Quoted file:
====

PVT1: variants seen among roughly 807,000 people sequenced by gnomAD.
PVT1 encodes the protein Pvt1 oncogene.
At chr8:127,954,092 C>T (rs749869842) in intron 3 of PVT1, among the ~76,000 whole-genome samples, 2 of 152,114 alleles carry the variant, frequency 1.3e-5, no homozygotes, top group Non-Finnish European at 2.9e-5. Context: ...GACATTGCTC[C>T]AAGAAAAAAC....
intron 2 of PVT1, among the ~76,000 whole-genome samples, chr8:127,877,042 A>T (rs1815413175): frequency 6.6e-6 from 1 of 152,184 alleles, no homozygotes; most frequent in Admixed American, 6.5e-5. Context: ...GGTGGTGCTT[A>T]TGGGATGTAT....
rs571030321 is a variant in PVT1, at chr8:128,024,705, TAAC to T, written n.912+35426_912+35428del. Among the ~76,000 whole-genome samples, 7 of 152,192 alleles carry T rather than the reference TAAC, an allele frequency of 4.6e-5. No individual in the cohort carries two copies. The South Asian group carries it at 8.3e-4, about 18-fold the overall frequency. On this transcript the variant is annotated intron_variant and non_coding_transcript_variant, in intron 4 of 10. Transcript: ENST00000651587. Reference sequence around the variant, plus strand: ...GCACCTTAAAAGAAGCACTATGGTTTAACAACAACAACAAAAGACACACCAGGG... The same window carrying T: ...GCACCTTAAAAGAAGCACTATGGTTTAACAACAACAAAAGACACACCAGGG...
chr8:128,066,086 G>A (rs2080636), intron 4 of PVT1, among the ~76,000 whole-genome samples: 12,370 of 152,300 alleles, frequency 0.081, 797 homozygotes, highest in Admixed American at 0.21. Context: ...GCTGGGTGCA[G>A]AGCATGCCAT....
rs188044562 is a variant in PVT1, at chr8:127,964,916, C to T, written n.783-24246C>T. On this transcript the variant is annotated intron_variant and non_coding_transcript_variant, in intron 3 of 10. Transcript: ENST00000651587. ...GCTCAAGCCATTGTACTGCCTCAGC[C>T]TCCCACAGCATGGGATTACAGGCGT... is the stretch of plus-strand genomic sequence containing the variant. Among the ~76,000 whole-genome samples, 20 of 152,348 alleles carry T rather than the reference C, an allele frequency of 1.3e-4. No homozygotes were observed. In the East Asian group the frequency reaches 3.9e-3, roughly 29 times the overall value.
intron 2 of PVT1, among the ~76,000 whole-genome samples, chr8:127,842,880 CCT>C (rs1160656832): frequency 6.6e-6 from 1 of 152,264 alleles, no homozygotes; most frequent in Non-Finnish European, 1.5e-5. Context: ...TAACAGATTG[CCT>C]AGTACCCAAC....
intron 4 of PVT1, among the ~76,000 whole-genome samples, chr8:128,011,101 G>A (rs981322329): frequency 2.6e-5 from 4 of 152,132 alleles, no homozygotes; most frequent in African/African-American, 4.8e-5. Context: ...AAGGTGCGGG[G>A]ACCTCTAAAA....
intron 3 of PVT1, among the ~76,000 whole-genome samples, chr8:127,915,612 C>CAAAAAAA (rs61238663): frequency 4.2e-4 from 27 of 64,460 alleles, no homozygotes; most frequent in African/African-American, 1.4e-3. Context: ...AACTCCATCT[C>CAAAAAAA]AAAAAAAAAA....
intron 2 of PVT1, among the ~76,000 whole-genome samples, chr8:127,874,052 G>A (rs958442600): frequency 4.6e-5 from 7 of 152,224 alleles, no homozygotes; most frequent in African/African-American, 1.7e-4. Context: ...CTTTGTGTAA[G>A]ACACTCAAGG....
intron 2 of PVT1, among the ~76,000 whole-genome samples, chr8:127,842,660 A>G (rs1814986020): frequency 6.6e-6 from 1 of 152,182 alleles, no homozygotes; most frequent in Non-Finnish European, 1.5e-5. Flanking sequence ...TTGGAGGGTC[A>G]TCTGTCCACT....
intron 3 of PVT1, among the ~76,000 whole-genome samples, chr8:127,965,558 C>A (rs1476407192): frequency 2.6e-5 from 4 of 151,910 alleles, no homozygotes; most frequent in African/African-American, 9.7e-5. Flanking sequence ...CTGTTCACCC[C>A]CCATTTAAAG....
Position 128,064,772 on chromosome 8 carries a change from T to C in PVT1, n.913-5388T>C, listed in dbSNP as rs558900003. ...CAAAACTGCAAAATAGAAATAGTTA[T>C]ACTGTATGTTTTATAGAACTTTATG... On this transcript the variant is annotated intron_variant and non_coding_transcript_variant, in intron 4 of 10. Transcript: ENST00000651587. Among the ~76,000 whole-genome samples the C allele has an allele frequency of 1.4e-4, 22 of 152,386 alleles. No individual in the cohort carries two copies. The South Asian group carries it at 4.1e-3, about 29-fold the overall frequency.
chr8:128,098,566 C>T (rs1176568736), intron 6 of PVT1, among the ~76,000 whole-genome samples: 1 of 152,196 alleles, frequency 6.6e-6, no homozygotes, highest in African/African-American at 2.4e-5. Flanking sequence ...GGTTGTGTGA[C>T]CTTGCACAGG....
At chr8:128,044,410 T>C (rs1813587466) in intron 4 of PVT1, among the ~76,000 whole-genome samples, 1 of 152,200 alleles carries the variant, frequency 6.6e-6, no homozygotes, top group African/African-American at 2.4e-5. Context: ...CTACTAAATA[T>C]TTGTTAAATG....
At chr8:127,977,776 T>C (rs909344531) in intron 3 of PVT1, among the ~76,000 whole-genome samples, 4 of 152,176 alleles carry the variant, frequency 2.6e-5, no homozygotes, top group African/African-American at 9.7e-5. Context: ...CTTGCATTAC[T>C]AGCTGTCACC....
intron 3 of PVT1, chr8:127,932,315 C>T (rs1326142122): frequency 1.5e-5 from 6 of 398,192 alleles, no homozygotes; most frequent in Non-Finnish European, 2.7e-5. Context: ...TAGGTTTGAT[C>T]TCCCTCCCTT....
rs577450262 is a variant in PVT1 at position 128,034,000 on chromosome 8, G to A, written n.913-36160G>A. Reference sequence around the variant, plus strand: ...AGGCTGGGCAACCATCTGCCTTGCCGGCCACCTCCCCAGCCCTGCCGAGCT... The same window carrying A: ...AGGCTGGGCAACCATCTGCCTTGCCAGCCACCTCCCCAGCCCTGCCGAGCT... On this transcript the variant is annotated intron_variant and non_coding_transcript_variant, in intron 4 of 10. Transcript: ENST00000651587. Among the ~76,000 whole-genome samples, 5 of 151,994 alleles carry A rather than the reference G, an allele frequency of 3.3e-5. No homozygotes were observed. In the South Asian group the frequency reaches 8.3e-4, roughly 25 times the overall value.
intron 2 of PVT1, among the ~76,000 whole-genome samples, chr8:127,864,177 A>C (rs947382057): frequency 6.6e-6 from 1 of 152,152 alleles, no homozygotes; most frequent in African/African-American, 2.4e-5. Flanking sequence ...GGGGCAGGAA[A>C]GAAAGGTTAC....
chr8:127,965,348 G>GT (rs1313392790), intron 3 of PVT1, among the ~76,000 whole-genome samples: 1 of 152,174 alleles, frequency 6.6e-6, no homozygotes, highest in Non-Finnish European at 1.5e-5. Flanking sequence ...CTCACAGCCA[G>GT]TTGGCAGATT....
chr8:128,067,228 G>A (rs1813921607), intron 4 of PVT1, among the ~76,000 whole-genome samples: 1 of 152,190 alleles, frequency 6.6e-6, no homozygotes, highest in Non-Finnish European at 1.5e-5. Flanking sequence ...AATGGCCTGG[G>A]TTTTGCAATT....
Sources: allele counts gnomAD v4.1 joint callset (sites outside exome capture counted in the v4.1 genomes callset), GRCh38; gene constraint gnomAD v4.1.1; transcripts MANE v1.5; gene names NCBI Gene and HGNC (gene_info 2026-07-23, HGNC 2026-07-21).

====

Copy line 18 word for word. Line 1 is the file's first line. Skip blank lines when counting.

intron 3 of PVT1, chr8:127,932,315 C>T (rs1326142122): frequency 1.5e-5 from 6 of 398,192 alleles, no homozygotes; most frequent in Non-Finnish European, 2.7e-5. Context: ...TAGGTTTGAT[C>T]TCCCTCCCTT....